The “standard American diet” has produced an inordinate amount of suffering. We witness it in health care costs and rising sea levels. The places we don’t see it, on industrial farms and inside of our organs, are equally relevant. Knowing there are steps to help cure these ailments is important, but change only happens when taking those steps.
For Pollan these steps begin with cooking, a directive he offers in his book, Cooked. “Eating and drinking especially implicate us in the natural world in ways that the industrial economy, with its long and illegible supply chains, would have us forget.”
Those supply chains are predominantly responsible for creating the carbon footprint our food system produces. The sixties might have taught us that eating is a political act, but today, when everything seems political, a much larger truth about our precarious situation on this planet is uncovered: our obsession with meat is killing us. We don’t need to stop, but we also can’t simply default to convenience, as that will truly be our end.
Derek Beres is the author of Whole Motion and creator of Clarity: Anxiety Reduction for Optimal Health. Based in Los Angeles, he is working on a new book about spiritual consumerism. Stay in touch on Facebook and Twitter.
The world's getting hotter, and it's getting more volatile. We need to start thinking about how climate change encourages conflict.
- Climate change is usually discussed in terms of how it impacts the weather, but this fails to emphasize how climate change is a "threat multiplier."
- As a threat multiplier, climate change makes already dangerous social and political situations even worse.
- Not only do we have to work to minimize the impact of climate change on our environment, but we also have to deal with how it affects human issues today.
Human beings are great at responding to imminent and visible threats. Climate change, while dire, is almost entirely the opposite: it's slow, it's pervasive, it's vague, and it's invisible. Researchers and policymakers have been trying to package climate change in a way that conveys its severity. Usually, they do so by talking about its immediate effects: rising temperature, rising sea levels, and increasingly dangerous weather.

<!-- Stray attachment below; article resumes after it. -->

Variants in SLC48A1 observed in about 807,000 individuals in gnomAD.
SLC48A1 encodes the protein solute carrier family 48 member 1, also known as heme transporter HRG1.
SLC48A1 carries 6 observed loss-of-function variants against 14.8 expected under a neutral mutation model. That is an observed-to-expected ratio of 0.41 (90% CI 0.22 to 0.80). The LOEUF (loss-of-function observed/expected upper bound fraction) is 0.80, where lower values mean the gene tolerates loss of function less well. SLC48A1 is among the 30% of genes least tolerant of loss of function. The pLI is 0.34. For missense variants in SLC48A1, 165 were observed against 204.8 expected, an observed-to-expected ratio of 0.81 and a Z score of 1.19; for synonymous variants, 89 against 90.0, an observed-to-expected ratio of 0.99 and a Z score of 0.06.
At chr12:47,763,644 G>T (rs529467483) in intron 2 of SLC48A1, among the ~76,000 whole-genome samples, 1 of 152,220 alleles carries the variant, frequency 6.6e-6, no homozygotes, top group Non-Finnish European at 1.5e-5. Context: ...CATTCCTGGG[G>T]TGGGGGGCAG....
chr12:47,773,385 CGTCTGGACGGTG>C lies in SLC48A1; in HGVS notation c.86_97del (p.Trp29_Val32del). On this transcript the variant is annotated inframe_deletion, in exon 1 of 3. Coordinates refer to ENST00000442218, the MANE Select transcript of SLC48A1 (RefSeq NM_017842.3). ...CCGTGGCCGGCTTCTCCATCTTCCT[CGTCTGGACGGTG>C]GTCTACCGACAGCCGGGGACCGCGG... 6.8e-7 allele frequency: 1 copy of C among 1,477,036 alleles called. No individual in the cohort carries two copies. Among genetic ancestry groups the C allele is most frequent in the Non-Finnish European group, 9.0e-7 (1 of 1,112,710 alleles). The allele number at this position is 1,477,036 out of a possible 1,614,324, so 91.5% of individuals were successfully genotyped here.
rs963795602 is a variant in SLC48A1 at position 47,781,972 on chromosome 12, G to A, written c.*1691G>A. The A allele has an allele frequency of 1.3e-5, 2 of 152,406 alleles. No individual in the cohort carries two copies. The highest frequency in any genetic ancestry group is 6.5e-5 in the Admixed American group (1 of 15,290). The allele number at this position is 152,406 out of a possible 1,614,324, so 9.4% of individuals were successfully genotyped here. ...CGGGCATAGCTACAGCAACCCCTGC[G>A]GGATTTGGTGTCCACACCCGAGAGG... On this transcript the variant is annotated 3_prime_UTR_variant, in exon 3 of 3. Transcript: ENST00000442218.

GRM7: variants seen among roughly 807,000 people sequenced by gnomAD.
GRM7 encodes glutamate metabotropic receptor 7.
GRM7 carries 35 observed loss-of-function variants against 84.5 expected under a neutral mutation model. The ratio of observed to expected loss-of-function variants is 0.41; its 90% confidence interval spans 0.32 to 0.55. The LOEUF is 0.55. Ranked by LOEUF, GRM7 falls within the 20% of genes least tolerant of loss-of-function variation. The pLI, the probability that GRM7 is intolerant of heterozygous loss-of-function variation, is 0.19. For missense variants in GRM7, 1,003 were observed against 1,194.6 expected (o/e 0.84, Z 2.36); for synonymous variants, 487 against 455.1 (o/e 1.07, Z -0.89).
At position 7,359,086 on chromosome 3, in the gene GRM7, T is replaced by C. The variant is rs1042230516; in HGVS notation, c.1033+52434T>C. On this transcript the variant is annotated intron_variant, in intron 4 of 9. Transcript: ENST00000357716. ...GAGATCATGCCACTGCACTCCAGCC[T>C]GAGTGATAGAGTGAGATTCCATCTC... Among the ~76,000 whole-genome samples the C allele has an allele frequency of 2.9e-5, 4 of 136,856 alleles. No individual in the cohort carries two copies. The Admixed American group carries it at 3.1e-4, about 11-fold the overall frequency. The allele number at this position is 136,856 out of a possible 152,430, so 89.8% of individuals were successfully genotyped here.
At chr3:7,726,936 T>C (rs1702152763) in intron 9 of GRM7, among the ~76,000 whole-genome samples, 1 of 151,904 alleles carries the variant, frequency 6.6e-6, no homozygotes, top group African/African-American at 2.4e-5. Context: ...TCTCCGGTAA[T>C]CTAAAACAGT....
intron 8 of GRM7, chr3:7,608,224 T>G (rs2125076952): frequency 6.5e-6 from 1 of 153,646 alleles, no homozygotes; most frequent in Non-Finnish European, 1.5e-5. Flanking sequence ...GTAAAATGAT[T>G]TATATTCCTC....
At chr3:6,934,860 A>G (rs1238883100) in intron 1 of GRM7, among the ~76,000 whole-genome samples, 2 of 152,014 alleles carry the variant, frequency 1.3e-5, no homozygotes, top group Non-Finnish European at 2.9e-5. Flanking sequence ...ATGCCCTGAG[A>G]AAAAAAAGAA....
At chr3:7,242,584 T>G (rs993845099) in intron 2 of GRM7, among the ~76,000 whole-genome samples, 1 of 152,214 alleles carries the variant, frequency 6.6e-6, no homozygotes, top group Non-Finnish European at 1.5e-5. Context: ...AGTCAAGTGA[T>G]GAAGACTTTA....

These things are bad, make no mistake about it. But the thing that makes climate change truly dire isn't that Cape Cod will be underwater next century, that polar bears will go extinct, or that we'll have to invent new categories for future hurricanes. It's the thousands of ancillary effects — the indirect pressure that climate change puts on every person on the planet.
How a drought in the Middle East contributed to extremism in Europe
(DANIEL LEAL-OLIVAS/AFP/Getty Images)
Nigel Farage in front of a billboard that leverages the immigration crisis to support Brexit.
Because climate change is too big for the mind to grasp, we'll have to use a case study to talk about this. The Syrian civil war is a horrific tangle of senseless violence, but there are some primary causes we can point to. There is the longstanding conflicts between different religious sects in that country. Additionally, the Arab Spring swept Syria up in a wave of resistance against authoritarian leaders in the Middle East — unfortunately, Syrian protests were brutally squashed by Bashar Al-Assad. These, and many other factors, contributed to the start of the Syrian civil war.
One of these other factors was drought. In fact, the drought in that region — it started in 2006 — has been described as the "worst long-term drought and most severe set of crop failures since agricultural civilization began in the Fertile Crescent many millennia ago." Because of this drought, many rural Syrians could no longer support themselves. Between 2006 and 2009, an estimated 1.5 million Syrians — many of them agricultural workers and farmers — moved into the country's major cities. With this sudden mixing of different social groups in a country where classes and religious sects were already at odds with one another, tensions rose, and the increased economic instability encouraged chaos. Again, the drought didn't cause the civil war — but it sure as hell helped it along.